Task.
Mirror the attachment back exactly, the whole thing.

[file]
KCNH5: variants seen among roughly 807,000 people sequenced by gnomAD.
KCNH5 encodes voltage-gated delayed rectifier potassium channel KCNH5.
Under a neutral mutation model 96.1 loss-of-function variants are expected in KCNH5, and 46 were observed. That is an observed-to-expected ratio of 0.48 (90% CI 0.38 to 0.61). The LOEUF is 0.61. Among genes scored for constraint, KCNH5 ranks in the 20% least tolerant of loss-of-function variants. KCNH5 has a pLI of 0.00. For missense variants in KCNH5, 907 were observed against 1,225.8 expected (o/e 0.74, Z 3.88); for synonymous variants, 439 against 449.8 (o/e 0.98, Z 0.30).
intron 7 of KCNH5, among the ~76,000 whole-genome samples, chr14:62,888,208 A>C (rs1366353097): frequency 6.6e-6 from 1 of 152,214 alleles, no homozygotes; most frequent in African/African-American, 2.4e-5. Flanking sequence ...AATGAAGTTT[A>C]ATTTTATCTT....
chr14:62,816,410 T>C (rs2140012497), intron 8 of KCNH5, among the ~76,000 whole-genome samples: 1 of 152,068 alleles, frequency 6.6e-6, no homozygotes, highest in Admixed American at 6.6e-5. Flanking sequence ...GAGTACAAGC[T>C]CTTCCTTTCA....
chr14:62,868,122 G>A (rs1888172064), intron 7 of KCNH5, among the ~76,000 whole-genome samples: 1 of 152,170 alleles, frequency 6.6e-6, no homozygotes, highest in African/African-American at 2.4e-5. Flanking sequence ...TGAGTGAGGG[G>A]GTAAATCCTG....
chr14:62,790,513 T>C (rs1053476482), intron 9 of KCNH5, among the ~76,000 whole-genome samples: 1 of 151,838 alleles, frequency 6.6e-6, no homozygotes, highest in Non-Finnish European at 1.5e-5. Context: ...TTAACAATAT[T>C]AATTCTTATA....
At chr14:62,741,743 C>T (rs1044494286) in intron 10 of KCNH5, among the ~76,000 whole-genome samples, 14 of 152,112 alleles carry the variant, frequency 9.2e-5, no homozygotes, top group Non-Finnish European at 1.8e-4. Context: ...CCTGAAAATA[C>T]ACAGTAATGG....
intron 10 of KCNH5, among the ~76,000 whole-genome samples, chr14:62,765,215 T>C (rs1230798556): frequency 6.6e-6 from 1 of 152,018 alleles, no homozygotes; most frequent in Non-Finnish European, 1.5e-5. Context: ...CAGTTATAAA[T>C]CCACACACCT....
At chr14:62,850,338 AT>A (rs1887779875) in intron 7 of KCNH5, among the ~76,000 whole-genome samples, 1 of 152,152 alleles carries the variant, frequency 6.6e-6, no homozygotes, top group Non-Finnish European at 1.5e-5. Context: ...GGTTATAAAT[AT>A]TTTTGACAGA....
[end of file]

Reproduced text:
KCNH5: variants seen among roughly 807,000 people sequenced by gnomAD.
KCNH5 encodes voltage-gated delayed rectifier potassium channel KCNH5.
Under a neutral mutation model 96.1 loss-of-function variants are expected in KCNH5, and 46 were observed. That is an observed-to-expected ratio of 0.48 (90% CI 0.38 to 0.61). The LOEUF is 0.61. Among genes scored for constraint, KCNH5 ranks in the 20% least tolerant of loss-of-function variants. KCNH5 has a pLI of 0.00. For missense variants in KCNH5, 907 were observed against 1,225.8 expected (o/e 0.74, Z 3.88); for synonymous variants, 439 against 449.8 (o/e 0.98, Z 0.30).
intron 7 of KCNH5, among the ~76,000 whole-genome samples, chr14:62,888,208 A>C (rs1366353097): frequency 6.6e-6 from 1 of 152,214 alleles, no homozygotes; most frequent in African/African-American, 2.4e-5. Flanking sequence ...AATGAAGTTT[A>C]ATTTTATCTT....
chr14:62,816,410 T>C (rs2140012497), intron 8 of KCNH5, among the ~76,000 whole-genome samples: 1 of 152,068 alleles, frequency 6.6e-6, no homozygotes, highest in Admixed American at 6.6e-5. Flanking sequence ...GAGTACAAGC[T>C]CTTCCTTTCA....
chr14:62,868,122 G>A (rs1888172064), intron 7 of KCNH5, among the ~76,000 whole-genome samples: 1 of 152,170 alleles, frequency 6.6e-6, no homozygotes, highest in African/African-American at 2.4e-5. Flanking sequence ...TGAGTGAGGG[G>A]GTAAATCCTG....
chr14:62,790,513 T>C (rs1053476482), intron 9 of KCNH5, among the ~76,000 whole-genome samples: 1 of 151,838 alleles, frequency 6.6e-6, no homozygotes, highest in Non-Finnish European at 1.5e-5. Context: ...TTAACAATAT[T>C]AATTCTTATA....
At chr14:62,741,743 C>T (rs1044494286) in intron 10 of KCNH5, among the ~76,000 whole-genome samples, 14 of 152,112 alleles carry the variant, frequency 9.2e-5, no homozygotes, top group Non-Finnish European at 1.8e-4. Context: ...CCTGAAAATA[C>T]ACAGTAATGG....
intron 10 of KCNH5, among the ~76,000 whole-genome samples, chr14:62,765,215 T>C (rs1230798556): frequency 6.6e-6 from 1 of 152,018 alleles, no homozygotes; most frequent in Non-Finnish European, 1.5e-5. Context: ...CAGTTATAAA[T>C]CCACACACCT....
At chr14:62,850,338 AT>A (rs1887779875) in intron 7 of KCNH5, among the ~76,000 whole-genome samples, 1 of 152,152 alleles carries the variant, frequency 6.6e-6, no homozygotes, top group Non-Finnish European at 1.5e-5. Context: ...GGTTATAAAT[AT>A]TTTTGACAGA....